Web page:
Last week, Applied Works were very proud to host 100%Open’s fantastic quarterly Union event at our studios in Hoxton Square, on a theme very close to our hearts, Next Generation Inspired. We helped to curate an evening of speakers talking about projects produced with for or by young people. As with all Unions, each speaker had 5 slides/5 minutes and ended with an ‘ask’ for the audience. A common theme across the talks was to get kids learning through doing and making.
Joe Sharpe & Zoe Bather, Ingreedies
My wife Zoë and I began the evening talking about Ingreedies, and our mission to get kids excited about food. The idea started when Zoë first met my children and was introduced to family mealtimes. Our band of taste adventurers – the Ingreedies – were dreamed up as a means of teaching kids about the world around them through food. Our first book is due out this August with Laurence King Publishing, so keep your eyes peeled for it! Our ask was for introductions to partners who could help us extend Ingreedies to other platforms and events.
Harriet Ruff, IBM
What will drive a millennial to want to work for IBM? Harriet introduced Millennial Corps, a self-started community of over 4,000 young people, who are given space to generate ideas and act as a sounding board to the senior leadership of the business. Harriet’s ask was if other companies ran similar initiatives to discover leaders of the future.
Laura Service, London Transport Museum
Museums are safe, natural spaces to build skills. Laura spoke about the museum’s work connecting young volunteers with industry experts to create an exhibition map of architecture and transport with 55,000 buildings and an overlaid dataviz. Laura asked how organisations outside and inside of the heritage and culture sector are collaborating with young people.
Sophie Ball, Apps for good
Apps for Good is a global movement to transform the way technology is taught in schools, helping the next generation of problem-solvers and digital-makers to turn bright ideas into real tech products. Sophie explained a flipped classroom approach to learning, where students take the lead and the focus is on creating tech, not consuming it. Sophie’s ask was how do we enable industry to support young people regardless of postcodes and make it sustainable and scaleable?
Duncan Wilson, Intel
Duncan was another advocate of getting kids to learn by doing, through workshops in schools and tech tools like Rasberry Pi, Hackaball and TechWillSaveUs. He spoke about a sensor hub for schools that shares models of the real world inspired by Minecraft. Duncan asked how people could help to create software for the sensor hub that can process, store and share data at national scale.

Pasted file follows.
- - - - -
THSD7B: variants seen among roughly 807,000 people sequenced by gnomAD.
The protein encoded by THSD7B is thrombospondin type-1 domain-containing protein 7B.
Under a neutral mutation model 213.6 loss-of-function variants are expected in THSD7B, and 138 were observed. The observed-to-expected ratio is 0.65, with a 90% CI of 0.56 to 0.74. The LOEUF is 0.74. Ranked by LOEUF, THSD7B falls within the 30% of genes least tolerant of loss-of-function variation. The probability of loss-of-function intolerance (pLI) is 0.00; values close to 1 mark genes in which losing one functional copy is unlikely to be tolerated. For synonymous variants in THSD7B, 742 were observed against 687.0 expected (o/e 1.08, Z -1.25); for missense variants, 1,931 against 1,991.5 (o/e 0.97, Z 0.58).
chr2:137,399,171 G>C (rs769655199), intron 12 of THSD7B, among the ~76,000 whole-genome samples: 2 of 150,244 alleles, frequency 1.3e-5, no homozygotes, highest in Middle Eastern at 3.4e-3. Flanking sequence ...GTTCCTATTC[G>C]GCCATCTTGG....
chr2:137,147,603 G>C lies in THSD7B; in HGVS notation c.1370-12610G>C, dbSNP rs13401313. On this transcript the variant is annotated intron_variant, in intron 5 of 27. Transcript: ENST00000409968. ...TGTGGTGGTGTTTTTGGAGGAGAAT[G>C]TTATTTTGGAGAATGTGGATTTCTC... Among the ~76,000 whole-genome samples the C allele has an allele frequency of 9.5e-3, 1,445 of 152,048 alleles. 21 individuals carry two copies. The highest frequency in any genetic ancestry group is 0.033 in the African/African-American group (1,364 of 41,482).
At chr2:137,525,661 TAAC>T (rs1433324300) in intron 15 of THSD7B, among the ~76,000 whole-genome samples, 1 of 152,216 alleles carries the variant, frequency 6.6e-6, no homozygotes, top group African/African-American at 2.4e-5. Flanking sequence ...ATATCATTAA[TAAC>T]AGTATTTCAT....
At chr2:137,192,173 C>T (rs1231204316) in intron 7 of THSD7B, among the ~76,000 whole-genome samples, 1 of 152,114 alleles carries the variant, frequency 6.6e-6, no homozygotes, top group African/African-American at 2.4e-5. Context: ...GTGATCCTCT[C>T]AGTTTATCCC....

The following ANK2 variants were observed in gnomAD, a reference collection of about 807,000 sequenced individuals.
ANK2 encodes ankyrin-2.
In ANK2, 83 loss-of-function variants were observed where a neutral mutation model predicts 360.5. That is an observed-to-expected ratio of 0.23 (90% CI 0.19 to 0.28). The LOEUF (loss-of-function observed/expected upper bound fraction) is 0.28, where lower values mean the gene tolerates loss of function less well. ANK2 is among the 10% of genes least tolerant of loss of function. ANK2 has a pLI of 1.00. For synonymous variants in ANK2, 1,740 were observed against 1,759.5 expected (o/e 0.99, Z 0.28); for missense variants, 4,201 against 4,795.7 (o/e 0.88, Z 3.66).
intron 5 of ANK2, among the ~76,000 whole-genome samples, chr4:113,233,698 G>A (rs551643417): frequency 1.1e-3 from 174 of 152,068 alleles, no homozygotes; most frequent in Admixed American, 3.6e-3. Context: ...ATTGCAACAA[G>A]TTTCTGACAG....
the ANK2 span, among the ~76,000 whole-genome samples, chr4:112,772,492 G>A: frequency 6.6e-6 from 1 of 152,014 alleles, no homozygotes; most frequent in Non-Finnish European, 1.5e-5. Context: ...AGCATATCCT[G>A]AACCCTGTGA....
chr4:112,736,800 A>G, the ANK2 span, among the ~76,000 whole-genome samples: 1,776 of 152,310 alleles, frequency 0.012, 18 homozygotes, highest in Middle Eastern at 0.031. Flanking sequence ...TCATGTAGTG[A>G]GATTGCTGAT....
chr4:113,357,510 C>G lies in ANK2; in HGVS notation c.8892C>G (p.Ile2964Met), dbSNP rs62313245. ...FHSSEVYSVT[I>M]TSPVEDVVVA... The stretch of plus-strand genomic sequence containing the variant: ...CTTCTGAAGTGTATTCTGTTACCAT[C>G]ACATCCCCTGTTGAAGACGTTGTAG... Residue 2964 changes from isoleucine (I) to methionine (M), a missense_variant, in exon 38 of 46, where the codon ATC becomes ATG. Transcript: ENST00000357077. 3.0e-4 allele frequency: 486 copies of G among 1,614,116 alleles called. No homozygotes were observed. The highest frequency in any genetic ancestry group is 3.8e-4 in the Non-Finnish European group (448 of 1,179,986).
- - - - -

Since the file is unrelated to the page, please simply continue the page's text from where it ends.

Clara Sousa Silva, Twinkle Space Mission
Clara immediately grabbed our attention with an image of the Milky Way, and our place within it. Twinkle is a UK space mission that will analyse the light from the atmospheres of planets outside our solar system, to look for potential signatures of alien life. The mission is the first to run a dedicated schools programme; schools can Adopt a Planet and students will even have the opportunity to author original scientific work. Clara asked the audience how they could help Twinkle reach more young people.
Jonathan Attenborough, Lost My Name
Lost My Name produce “impossibly personal” books for kids. Jonathan’s talk was about the company’s second book The Incredible Intergalactic Journey Home, which featured this amazing slide of astronaut Tim Peake reading the book from the ISS to a very lucky 7 year old as a bedtime story. Jonathan didn’t even have time to mention Dragon’s Den! His ask was how do you balance being data driven with creative freedom?
Emma Hope, Canon
Emma told us about Canon’s initiative to give equipment to schools to allow kids to tell their own stories (as an avid Canon user, my daughter would love to exploit this!). Emma said that what is good for society is good for business; “nurturing youth creativity keeps our business relevant”. She asked “How have you communicated your initiative on a large scale, with small budgets, without blowing your own trumpet? What was the one thing you did that you think made this successful?”
Helena Rice, Pop-up Parks
Playtime has decreased 50% since the 1970s. Pop-up Parks create vibrant play areas in urban environments that encourage children and families to spend time together, as Helena articulated in one of the evening’s most memorable sound bites, “we put play in the way”. Her ask was for access to more public space in which to continue offering free access to play, creativity and community to bring lasting change to our urban areas.
James Poulter, Lego
James flew in by the seat of his pants straight from City Airport to tell us a story about some of the items he found clearing out his late grandfather’s loft, including a Frank Sinatra record, a Singer sewing machine and a 1970s Monopoly set. He argued that we’ve lost touch with physical objects as everything has become digitally consumed by our smartphones, but that the Maker Movement among young people is reviving our connection to the analogue world. He asked us to get out there and meet young people and walk the floor with them.